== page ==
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nuttcp

Recent versions of nuttcp (versions 7.1.1+) have some new features that can be quite useful. (ESnet is using this version.) Here is a summary of some of these features.

server: nuttcp -S
client: nuttcp -i1 server_hostname
0.8125 MB / 1.00 sec = 6.8150 Mbps 0 retrans
0.7500 MB / 1.00 sec = 6.2907 Mbps 0 retrans
0.7500 MB / 1.00 sec = 6.2907 Mbps 0 retrans
0.8125 MB / 1.00 sec = 6.8150 Mbps 0 retrans
0.8125 MB / 1.00 sec = 6.8150 Mbps 0 retrans
0.7500 MB / 1.00 sec = 6.2907 Mbps 24 retrans
0.6875 MB / 1.00 sec = 5.7665 Mbps 17 retrans
0.8125 MB / 1.00 sec = 6.8150 Mbps 11 retrans
1.0625 MB / 1.00 sec = 8.9119 Mbps 3 retrans

Test the reverse direction:

   nuttcp -i1 -r server_hostname
UDP Burst mode

    Starting with version 6.2.8, nuttcp includes a 'burst mode' for UDP, which is useful to find paths that are constrained by network devices with not enough buffering.

    e.g.: Send 300 Mbps of UDP in bursts of 20 packets for 5 seconds

 ./nuttcp -u -Ri300m/20 -i 1 -T5 nettest.lbl.gov
35.7607 MB / 1.00 sec = 299.9241 Mbps 0 / 36619 ~drop/pkt 0.00 ~%loss
35.7617 MB / 1.00 sec = 300.0018 Mbps 0 / 36620 ~drop/pkt 0.00 ~%loss
35.5645 MB / 1.00 sec = 298.3730 Mbps 2 / 36420 ~drop/pkt 0.00549 ~%loss
33.3262 MB / 1.00 sec = 279.5649 Mbps 2253 / 36379 ~drop/pkt 6.19 ~%loss
34.6924 MB / 1.00 sec = 291.0208 Mbps 1095 / 36620 ~drop/pkt 2.99 ~%loss

175.1836 MB / 5.00 sec = 293.7936 Mbps 99 %TX 11 %RX 3350 / 182738 drop/pkt 1.83 %loss

This amount of loss is tolerable. Now send a 300 Mbps in bursts of 50 packets:

./nuttcp -u -Ri300m/50 -i 1 -T5 nettest.lbl.gov
23.8232 MB / 1.00 sec = 199.8394 Mbps 12238 / 36633 ~drop/pkt 33.41 ~%loss
25.2227 MB / 1.00 sec = 211.5836 Mbps 10783 / 36611 ~drop/pkt 29.45 ~%loss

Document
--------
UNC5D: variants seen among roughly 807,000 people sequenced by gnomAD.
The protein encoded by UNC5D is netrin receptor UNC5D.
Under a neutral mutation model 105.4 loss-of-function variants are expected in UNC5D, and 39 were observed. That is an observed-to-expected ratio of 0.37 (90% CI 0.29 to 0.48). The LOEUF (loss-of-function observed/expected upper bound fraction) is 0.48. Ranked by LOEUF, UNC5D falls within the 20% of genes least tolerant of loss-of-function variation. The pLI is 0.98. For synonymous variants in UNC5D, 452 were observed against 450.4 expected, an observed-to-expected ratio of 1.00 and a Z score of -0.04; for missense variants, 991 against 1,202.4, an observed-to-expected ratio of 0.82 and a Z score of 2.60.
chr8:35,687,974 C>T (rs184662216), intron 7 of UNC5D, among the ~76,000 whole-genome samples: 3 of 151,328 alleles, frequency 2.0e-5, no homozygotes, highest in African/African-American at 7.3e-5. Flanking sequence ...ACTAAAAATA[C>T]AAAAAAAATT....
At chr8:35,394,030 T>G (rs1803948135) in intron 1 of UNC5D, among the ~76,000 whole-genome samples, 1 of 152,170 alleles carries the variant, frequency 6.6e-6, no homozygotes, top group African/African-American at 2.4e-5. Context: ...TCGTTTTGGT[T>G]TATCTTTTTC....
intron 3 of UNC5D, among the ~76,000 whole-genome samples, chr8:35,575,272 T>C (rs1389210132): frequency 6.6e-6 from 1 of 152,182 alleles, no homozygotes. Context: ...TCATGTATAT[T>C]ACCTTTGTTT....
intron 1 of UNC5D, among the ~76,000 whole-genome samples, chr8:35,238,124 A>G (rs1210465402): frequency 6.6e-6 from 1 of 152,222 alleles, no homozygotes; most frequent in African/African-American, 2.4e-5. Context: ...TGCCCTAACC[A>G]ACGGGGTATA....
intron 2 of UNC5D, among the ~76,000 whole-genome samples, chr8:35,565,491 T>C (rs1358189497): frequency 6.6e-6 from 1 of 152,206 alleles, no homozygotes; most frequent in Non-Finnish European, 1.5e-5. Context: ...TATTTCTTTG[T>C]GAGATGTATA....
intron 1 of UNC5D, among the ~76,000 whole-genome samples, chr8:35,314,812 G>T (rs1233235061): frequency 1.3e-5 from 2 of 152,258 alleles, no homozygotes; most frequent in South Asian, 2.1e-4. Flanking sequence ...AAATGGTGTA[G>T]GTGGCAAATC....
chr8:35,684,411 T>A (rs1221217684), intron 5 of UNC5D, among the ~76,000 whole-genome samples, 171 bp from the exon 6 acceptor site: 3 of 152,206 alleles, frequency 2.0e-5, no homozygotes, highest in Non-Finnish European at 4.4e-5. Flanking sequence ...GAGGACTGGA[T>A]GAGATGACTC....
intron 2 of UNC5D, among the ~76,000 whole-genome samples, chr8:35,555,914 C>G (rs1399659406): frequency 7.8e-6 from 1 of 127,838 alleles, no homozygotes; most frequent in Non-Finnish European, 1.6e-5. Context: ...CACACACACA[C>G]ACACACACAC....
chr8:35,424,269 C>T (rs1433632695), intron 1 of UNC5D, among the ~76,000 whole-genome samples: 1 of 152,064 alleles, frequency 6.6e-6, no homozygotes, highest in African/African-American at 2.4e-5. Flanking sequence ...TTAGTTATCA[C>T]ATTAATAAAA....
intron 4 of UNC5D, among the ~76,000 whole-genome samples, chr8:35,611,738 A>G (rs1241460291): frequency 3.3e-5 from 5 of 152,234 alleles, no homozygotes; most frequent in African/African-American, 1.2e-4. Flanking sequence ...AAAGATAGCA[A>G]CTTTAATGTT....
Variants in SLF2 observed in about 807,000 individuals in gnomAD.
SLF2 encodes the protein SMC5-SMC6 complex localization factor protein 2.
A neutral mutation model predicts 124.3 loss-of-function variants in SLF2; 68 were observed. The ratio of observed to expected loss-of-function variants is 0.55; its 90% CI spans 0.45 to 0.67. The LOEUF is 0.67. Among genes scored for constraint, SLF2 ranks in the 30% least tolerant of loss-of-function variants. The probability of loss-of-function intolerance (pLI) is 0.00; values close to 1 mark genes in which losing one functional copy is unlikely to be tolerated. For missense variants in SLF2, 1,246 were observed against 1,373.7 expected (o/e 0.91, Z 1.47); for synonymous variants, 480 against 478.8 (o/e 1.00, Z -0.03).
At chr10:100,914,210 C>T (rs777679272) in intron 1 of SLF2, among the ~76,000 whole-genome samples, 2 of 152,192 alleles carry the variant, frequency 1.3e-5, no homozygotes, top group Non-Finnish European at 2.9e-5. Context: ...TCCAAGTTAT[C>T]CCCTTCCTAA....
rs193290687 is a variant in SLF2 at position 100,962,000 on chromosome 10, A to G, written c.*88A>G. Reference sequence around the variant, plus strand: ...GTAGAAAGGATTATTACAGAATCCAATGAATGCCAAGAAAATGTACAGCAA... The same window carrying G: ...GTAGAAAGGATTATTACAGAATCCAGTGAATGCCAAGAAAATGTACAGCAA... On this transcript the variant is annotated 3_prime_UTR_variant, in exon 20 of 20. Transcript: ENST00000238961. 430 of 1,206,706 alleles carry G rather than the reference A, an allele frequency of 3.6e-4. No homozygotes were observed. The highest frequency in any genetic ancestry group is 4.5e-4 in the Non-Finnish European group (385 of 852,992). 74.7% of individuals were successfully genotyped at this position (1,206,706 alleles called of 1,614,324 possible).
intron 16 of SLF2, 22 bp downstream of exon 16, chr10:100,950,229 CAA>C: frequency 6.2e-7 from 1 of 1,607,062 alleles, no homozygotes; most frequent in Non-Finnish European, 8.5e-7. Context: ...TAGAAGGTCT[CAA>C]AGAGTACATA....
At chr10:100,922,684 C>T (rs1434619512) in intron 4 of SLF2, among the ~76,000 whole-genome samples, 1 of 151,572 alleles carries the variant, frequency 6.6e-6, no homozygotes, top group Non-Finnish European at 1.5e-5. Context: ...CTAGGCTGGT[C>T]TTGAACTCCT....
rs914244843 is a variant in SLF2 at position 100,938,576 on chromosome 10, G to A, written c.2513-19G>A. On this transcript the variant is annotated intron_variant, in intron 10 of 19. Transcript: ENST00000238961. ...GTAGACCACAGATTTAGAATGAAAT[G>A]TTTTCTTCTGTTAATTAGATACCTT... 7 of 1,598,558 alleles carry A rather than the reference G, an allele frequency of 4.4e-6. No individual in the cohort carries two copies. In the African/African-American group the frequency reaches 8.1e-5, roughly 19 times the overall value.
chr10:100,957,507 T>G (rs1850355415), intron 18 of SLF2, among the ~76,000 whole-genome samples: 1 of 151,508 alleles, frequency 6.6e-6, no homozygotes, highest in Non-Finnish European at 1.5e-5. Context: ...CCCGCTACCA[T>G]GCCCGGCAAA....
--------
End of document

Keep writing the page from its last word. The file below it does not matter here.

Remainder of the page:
25.1846 MB / 1.00 sec = 211.2405 Mbps 10816 / 36605 ~drop/pkt 29.55 ~%loss
24.2969 MB / 1.00 sec = 203.8392 Mbps 11754 / 36634 ~drop/pkt 32.08 ~%loss
25.1484 MB / 1.00 sec = 210.8927 Mbps 10864 / 36616 ~drop/pkt 29.67 ~%loss

123.7090 MB / 5.00 sec = 207.5136 Mbps 99 %TX 12 %RX 56470 / 183148 drop/pkt 30.83 %loss

And the level of loss become excessive, showing that some device in the path needs bigger buffers. Note that bursts of > 50 packets is common with TCP over paths with a RTT > 20 ms.

On a 10G network with a 9K MTU, the following has worked to identify a path with buffers that are too small:

If this has no packet loss: 

   nuttcp -l8972 -T30 -u -w4m -Ri300m/100 -i1 server_hostname

And this has packet loss:

   nuttcp -l8972 -T30 -u -w4m -Ri300m/300 -i1 server_hostname

Then likely there is a device with buffers less than 32MB per port in the path.


 

nuttcp also supports 3rd party mode, similar to bwctl:

 nuttcp -P 5099/5099 -T30 -i2 sendhost receivehost

Testing Multiple NICS, using CPU affinity binding:

    nuttcp -i1 -xc 2/2 -Is1 -p 5500 10.26.0.132 & nuttcp -i1 -xc 3/3 -Is2 -p 5501 10.26.0.132
10G UDP testing

nuttcp is definitely the best tool for high-speed UDP testing. To get a full 10Gbps using UDP requires the right MTU size (9K), the right packet size (8972), and an larger buffer size. For example:

nuttcp -l8972 -T30 -u -w4m -Ru -i1 192.168.2.11